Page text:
Hello Book Ravens!
Starting a story is hard. There’s no way to really get around it; in order to write a story, you have to start somewhere. Including, but not limited to, finding the right point of view.
I know a lot of my writer friends don’t stress about this – they usually choose which POV they prefer – but for me, it’s an essential part of the story and not so easy to figure it out.
I’m assuming some of you agree, so I have for you all a list of different POV options and how to decide which fits your story juuuuust write (get it? Write? Like right?).
1st person \\ Example: I read a book.
First person is excellent for getting in your MC’s head! A lot of my friends have told me it’s hard for them to connect to a character without that “I am\I said” narration.
It’s not great for when you have more than two main characters. When you’re switching heads every chapter, it can be confusing and you end up taking an even bigger step back from the story.
2nd person \\ Example: You read a book.
You don’t really see Second Person in fiction and mostly in those Choose Your Own Adventure books (did any of you read those books as a kid??).
You’re speaking directly to the reader. This might be cool for a mystery, thriller or horror book. Or maybe the story is told through a series of notes that addresses an anonymous “you”…? It could be really cool.
3rd person \\ Example: She read a book.
This a pretty common one. It makes it easier to switch between characters and what the characters are thinking. Either switching every chapter (like in Heroes of Olympus) or in different paragraphs (like School for Good and Evil); it can be a good tool for seeing your complete surrounding.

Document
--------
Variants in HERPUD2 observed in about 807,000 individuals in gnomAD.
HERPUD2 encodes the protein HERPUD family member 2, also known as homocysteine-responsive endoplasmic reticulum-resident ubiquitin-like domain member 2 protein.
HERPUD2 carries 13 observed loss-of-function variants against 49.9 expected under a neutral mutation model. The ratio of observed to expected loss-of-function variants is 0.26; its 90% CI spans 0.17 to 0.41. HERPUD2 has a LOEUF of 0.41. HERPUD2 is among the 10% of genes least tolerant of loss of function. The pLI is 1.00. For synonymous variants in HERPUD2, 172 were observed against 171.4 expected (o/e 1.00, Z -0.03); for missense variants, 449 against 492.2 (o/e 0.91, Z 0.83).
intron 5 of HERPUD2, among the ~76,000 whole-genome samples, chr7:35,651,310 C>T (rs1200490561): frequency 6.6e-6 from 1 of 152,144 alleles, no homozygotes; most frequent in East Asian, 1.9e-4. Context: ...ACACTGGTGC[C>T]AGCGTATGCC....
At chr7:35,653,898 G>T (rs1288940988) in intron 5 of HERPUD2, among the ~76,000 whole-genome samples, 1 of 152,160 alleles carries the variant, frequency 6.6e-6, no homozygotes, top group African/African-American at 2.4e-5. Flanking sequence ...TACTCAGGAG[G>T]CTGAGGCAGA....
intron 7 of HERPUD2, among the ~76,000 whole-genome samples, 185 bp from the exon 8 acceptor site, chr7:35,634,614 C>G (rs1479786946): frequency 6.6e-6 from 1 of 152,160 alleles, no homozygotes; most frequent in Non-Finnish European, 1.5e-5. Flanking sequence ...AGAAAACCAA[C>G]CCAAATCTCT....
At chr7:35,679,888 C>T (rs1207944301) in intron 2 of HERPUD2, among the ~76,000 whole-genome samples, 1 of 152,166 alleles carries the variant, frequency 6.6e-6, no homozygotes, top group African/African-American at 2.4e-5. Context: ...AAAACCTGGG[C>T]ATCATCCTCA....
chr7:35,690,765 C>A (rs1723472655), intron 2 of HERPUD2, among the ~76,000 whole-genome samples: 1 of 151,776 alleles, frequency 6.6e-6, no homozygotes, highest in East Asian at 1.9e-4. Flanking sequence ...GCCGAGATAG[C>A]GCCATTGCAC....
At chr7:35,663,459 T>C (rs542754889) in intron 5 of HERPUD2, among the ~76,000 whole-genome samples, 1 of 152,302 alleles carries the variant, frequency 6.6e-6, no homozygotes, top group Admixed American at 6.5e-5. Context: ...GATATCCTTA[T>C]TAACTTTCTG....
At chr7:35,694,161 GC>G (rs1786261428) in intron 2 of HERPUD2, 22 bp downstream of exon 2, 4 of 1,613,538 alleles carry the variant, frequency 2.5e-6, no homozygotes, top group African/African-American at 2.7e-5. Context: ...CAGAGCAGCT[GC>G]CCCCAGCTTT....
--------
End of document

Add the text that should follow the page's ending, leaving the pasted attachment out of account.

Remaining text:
It’s also great for world-building since you’re not depending on the knowledge of the protagonist and can just give general information.
Narrator (my favorite!) \\ Example: She read a book. I’m not sure why – seeing as she had much better things to do – but she did.
This could be classified as First Person or Third Person, technically, but it’s my personal favorite and not a POV I see very often??
Basically, you have a narrator telling you the story, BUT he\she\they are not the main character. They may not even be a direct part of the story. They’re just the bard.
So it could be a descendant of the character the story is about or a friend of the character or someone like that who is recounting the tale.
The only book I know that does this omniscient narrator thing is Nevernight by Jay Kristoff. I have not personally read this book, but it does have an anonymous storyteller that is retelling these stories.
How to pick a POV
DO NOT DO AN INSTAGRAM POLL.
I see a lot of people ask their followers what they think, for a lot of different reasons but mostly for POvs, and hear me when I say:
THEY CANNOT HELP.
Only you can decide what fits your story best. Because it is your story. And a lot of times, what they choose probably doesn’t feel right. And how to know what does work? Well, I’ve got a few suggestions:
Do you need to know everyone? Whose story is this, and whose perspective do we need? Do we really need the BFFs POV or can we keep that as a short story? If you don’t switch POVs until halfway through the story and we’ve known both characters from the beginning, it means that the second POV isn’t necessary. Think Breaking Dawn.
Try a few sentences. Test out the first chapter or so. Maybe rewrite it a few times and try out some different POVs. I personally don’t do this, but I have a few writer friends who find this helpful.
Think ahead. Do you want a lot of world building? Do you have a lot of information to give? Then maybe you’d better go with a Third Person POV. That, or your MC needs to know EVERYTHING, which I guess is possible, but also could affect your planned character arc.
I hope that helped! Which POV is your favorite? Have you decided what you’re going to use for your story? As a reader, do you connect with characters more with Third Person or First?
Have a delightfully thoughtful day, Book Ravens ❥